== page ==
- Interact With Art
by Raja Ravi Verma | 1894
The story of Shakuntala is a part of the epic Mahabharata. Shakuntala was the daughter of the sage, Vishwamitra, and the Apsara, Menaka who was sent by Indra to distract the sage from his meditation. They bore a child, who was left in the forest. Kanva Rishi found the child and named her Shakuntala. He took to the child as his own daughter and brought her up in his Ashram in the hills of Himalaya.
King Dushyanta had a chance meeting with Shakuntala while he was in the forest hunting a deer with his army. They fell in love and got married. However, Dushyanta had to return to his kingdom and gave her his royal ring as a promise that he will come back for her and take her with him.
Thereafter, Shakuntala spent most of her time dreaming about her husband and their future life together. One day, Durvasa came to the ashram and felt deeply offended when Shakuntala, lost in her thoughts, failed to acknowledge his presence and attend to him. Durvasa - known for his bad temper, cursed her saying she would be forgotten by the person she was dreaming of. While he was about to leave in fury, one of Shakuntala’s friends quickly explained the reason of Shakuntala’s lack of attention, followed by which Durvsa immediately regretted what he had said. Unable to reverse his curse, he altered it saying that she would be remembered as soon as she presented the token of love she was given by her beloved.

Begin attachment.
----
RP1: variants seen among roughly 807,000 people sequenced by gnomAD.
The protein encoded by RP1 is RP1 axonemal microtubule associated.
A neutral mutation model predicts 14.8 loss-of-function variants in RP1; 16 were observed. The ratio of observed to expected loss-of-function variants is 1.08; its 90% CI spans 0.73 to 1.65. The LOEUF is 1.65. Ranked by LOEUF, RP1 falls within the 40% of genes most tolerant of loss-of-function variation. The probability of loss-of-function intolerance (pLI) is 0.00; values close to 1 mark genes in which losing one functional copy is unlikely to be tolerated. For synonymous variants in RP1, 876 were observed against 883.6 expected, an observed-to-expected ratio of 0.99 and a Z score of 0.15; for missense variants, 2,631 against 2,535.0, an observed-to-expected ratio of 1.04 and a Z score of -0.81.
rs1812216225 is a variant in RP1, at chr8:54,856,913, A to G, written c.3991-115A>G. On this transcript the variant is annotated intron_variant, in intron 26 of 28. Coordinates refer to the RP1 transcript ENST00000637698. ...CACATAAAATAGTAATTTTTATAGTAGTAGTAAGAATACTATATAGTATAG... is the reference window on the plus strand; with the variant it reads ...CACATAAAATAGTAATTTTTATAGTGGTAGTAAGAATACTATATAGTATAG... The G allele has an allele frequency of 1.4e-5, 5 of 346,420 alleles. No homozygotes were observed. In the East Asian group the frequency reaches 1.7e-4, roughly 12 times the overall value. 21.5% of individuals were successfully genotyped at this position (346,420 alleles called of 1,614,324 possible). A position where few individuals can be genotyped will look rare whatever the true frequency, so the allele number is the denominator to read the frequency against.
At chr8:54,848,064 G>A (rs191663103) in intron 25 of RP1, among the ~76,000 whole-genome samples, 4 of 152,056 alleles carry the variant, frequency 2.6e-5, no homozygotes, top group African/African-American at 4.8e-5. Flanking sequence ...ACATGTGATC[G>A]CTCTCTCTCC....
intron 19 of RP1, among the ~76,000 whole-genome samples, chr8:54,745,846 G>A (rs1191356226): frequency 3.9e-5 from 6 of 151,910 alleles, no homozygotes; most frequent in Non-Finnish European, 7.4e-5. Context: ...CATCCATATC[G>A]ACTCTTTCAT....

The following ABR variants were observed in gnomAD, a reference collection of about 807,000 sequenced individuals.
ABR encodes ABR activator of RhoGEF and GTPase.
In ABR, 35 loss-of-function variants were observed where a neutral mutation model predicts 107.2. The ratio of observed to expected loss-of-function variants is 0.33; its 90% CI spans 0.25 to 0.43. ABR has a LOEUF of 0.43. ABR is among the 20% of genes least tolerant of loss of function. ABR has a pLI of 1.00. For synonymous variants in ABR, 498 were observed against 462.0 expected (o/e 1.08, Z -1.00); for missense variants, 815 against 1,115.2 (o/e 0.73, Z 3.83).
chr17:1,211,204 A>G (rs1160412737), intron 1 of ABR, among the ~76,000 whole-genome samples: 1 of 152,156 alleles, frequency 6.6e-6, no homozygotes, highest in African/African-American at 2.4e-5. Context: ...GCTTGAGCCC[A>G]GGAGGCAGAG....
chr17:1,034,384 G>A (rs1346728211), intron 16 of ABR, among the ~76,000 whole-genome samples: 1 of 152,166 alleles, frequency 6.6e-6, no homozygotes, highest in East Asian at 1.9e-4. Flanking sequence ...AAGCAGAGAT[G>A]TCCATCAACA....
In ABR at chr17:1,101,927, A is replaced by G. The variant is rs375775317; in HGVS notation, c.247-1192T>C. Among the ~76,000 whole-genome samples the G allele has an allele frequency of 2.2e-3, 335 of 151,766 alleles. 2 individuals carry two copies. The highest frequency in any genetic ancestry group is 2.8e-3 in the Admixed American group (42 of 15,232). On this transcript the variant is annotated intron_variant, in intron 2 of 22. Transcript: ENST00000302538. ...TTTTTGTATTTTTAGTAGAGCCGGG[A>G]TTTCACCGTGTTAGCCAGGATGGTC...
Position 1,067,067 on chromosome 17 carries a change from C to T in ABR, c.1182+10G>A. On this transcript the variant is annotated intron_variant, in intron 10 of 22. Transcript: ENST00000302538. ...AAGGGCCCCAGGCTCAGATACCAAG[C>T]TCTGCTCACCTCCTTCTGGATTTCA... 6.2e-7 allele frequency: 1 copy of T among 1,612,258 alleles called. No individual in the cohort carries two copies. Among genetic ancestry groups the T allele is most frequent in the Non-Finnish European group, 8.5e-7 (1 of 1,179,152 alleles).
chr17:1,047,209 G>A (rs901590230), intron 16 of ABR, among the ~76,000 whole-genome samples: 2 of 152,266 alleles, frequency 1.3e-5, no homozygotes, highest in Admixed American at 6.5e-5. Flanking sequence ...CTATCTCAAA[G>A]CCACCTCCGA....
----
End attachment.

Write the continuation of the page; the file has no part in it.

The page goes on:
Years went by and Dushyanta did not come looking for her. Shakuntala then decided to venture to the kingdom accompanied by her father and friends to be rightfully given her place as Dushyanta’s wife. On their way, she was lured by the beauty of the river they were crossing and ran her fingers through the water, only to lose her ring in the process, without realizing it.
Upon their arrival in the kingdom, Dushyanta did not recognize Shakuntala since she did not have the ring he gave her. Heartbroken, Shakuntala went back to the forest and settled there with her son who, grew up to be a strong and fearless youth.
Meanwhile in the kingdom, a fisherman chanced upon the ring in a fish's belly and took it to the King, who upon looking at it, remembered all about Shakuntala and went to the forest to trace her. There he came across a boy counting a tiger’s teeth and impressed with his courage, asked his name. His surprise knew no bounds when the boy replied ‘Bharata, the son of King Dushyanta’. He was then taken to Shakuntala’s abode where the family was reunited.
Raja Ravi Verma’s work Shakuntala Patralekhan executed in the year 1894, captures Shakuntala in her dreamlike state writing a letter, on a leaf, to King Dushyanta. Lying across the lush green forest amongst her friends and a deer, the painting encapsulates her longing for her beloved. The oil on canvas work is hailed as an exemplary of Ravi Verma.
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